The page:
Home » RESEARCH; Nine in 10 elite sportswomen have experienced gendered online harm

RESEARCH; Nine in 10 elite sportswomen have experienced gendered online harm

“Popular sports for women like netball, tennis and golf receive considerable online backlash, and elite sportswomen across a wide range of sports (such as fencing, cheerleading, sailing, shooting, surf lifesaving and ice hockey) are being harmed through online interactions.”

by Narges Mohammadi

Nine in 10 elite sportswomen have experienced some form of gendered online harm, including 87 per cent in the past year.

This alarming data comes from a study by researchers at Deakin University who surveyed 138 professional and semi-professional athletes in Australia from 32 sports.

Results showed that women of all profiles, and across all sports, were affected by online abuse such as trolling. Eighty-five per cent said their wellbeing had been affected by online harm, and two in three felt unsafe.

“Our results debunk the myth that it is sportswomen from team sports historically played by men (like Australian rules football, rugby league, rugby union, soccer) who are the main targets of online abuse,” researchers said.

The most common examples of gendered online harm were personal insults (81 per cent), hate speech (62 per cent), attempts to embarrass (60 per cent) and both general and sexual harassment (50 per cent and 39 per cent respectively).

The interviews and extended survey answers, as part of the research, revealed a wide range of online harms. Some examples of comments elite sportswomen have received are “Go home and wash the dishes and raise a child” or “Juniors can kick further”, or even “trashy whore”.

One athlete said the fact that they were from the LGBTQI+ community, made them a target of abuse as “that tends to be a topic that people think is easy to have a shot at… ‘of course you play rugby and play cricket, you’re gay, you know, that’s what you do’.”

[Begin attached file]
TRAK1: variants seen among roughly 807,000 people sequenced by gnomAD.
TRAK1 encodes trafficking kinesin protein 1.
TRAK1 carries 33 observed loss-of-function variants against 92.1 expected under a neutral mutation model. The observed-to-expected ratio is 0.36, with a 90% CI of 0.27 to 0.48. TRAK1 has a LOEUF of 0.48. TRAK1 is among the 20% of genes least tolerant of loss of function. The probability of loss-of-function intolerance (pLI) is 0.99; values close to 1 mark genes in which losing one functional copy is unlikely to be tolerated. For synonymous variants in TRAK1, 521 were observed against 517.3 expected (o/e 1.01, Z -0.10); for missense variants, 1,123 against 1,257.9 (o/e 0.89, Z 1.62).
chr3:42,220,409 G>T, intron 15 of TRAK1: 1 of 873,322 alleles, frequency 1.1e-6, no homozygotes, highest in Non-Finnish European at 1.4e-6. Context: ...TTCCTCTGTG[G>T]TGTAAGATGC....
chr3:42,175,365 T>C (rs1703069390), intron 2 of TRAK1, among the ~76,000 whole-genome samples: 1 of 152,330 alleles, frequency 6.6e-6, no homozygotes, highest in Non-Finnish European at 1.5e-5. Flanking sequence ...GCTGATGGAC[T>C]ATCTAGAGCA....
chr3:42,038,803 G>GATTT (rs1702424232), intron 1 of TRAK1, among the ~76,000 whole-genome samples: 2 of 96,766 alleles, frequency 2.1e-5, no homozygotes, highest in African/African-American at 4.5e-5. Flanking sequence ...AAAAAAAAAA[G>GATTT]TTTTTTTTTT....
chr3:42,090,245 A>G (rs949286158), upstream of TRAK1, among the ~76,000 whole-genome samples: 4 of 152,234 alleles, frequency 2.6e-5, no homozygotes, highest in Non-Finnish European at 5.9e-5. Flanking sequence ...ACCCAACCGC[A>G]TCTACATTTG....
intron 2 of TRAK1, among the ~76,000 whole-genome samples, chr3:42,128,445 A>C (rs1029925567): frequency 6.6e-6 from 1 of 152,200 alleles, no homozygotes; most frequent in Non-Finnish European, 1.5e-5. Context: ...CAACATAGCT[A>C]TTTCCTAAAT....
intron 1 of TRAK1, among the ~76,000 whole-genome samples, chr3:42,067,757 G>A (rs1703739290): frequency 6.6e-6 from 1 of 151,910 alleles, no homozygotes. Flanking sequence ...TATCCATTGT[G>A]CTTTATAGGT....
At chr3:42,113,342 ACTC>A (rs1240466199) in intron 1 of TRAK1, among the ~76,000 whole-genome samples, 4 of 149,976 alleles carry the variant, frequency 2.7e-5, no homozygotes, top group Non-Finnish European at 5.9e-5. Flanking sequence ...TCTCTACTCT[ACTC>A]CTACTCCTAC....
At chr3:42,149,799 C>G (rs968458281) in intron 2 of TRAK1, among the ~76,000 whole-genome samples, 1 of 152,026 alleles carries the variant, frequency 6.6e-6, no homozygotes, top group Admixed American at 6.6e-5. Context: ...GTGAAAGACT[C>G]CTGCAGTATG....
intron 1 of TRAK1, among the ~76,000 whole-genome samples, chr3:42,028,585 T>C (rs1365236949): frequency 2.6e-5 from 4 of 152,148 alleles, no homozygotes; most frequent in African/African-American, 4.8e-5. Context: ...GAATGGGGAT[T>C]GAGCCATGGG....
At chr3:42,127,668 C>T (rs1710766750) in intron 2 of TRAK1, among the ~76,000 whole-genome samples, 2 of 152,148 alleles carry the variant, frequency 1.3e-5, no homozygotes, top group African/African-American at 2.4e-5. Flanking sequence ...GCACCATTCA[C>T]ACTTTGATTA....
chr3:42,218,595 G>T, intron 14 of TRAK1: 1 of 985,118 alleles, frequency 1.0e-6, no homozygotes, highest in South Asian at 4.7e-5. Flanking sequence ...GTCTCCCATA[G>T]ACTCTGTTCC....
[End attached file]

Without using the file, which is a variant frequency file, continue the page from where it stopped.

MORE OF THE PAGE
Another athlete said abuse came from “body shaming, due to uniform dresses being too short, showing too much, not for her body type, not attractive”.

One in four elite sports women have experienced online homophobic abuse, and one in five experienced racist abuse. Also, two in three elite sportswomen changed their online behaviour in response to experiencing online abuse.

One in 10 athletes still reported closing their online account (permanently or temporarily) to avoid online harm.

In the last year, 89 per cent of athletes using X (formerly Twitter) experienced harm, as well as 88 per cent on Facebook, 85 per cent on TikTok and 83 per cent on Instagram.

Also, 81 per cent said that experiencing online harm affected their economic opportunities.

Sport organizations are aware of the importance of athletes’ use of social media, with one respondent saying they “do a social media presentation at the start of the seasons and a lot of  it, sadly, is around like the girls, making sure that their profiles are private, that they don’t get involved in these heated conversations, that they don’t engage. And it’s like, but they haven’t started it.”

Along with the report’s findings, researchers have offered some recommendations for sporting organizations to better support their elite sports women.

These include strengthening their understanding of the diverse forms of online harm and its impacts, improving reporting pathways for athletes, developing a range of supports and resources about online harms as well as fostering a safe environment to build trust and encourage conversations with athletes.

Source: Women’s Agenda

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